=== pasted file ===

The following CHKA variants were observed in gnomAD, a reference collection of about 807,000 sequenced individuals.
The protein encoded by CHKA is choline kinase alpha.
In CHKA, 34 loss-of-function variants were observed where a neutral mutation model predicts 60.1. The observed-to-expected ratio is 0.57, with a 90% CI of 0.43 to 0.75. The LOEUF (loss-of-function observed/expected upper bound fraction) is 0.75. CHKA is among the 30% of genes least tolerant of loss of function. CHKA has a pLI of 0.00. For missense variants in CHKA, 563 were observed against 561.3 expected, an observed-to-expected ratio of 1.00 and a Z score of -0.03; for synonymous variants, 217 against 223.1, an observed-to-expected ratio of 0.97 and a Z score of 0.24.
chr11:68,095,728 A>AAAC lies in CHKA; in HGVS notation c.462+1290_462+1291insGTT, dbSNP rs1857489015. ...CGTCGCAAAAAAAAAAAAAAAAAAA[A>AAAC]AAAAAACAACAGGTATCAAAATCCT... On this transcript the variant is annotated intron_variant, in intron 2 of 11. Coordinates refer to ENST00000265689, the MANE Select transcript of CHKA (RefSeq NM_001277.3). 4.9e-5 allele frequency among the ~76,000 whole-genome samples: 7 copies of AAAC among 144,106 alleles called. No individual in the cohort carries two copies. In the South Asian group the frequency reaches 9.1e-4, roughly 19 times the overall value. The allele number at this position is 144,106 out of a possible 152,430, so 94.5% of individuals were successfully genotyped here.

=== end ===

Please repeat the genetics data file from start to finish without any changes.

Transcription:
The following CHKA variants were observed in gnomAD, a reference collection of about 807,000 sequenced individuals.
The protein encoded by CHKA is choline kinase alpha.
In CHKA, 34 loss-of-function variants were observed where a neutral mutation model predicts 60.1. The observed-to-expected ratio is 0.57, with a 90% CI of 0.43 to 0.75. The LOEUF (loss-of-function observed/expected upper bound fraction) is 0.75. CHKA is among the 30% of genes least tolerant of loss of function. CHKA has a pLI of 0.00. For missense variants in CHKA, 563 were observed against 561.3 expected, an observed-to-expected ratio of 1.00 and a Z score of -0.03; for synonymous variants, 217 against 223.1, an observed-to-expected ratio of 0.97 and a Z score of 0.24.
chr11:68,095,728 A>AAAC lies in CHKA; in HGVS notation c.462+1290_462+1291insGTT, dbSNP rs1857489015. ...CGTCGCAAAAAAAAAAAAAAAAAAA[A>AAAC]AAAAAACAACAGGTATCAAAATCCT... On this transcript the variant is annotated intron_variant, in intron 2 of 11. Coordinates refer to ENST00000265689, the MANE Select transcript of CHKA (RefSeq NM_001277.3). 4.9e-5 allele frequency among the ~76,000 whole-genome samples: 7 copies of AAAC among 144,106 alleles called. No individual in the cohort carries two copies. In the South Asian group the frequency reaches 9.1e-4, roughly 19 times the overall value. The allele number at this position is 144,106 out of a possible 152,430, so 94.5% of individuals were successfully genotyped here.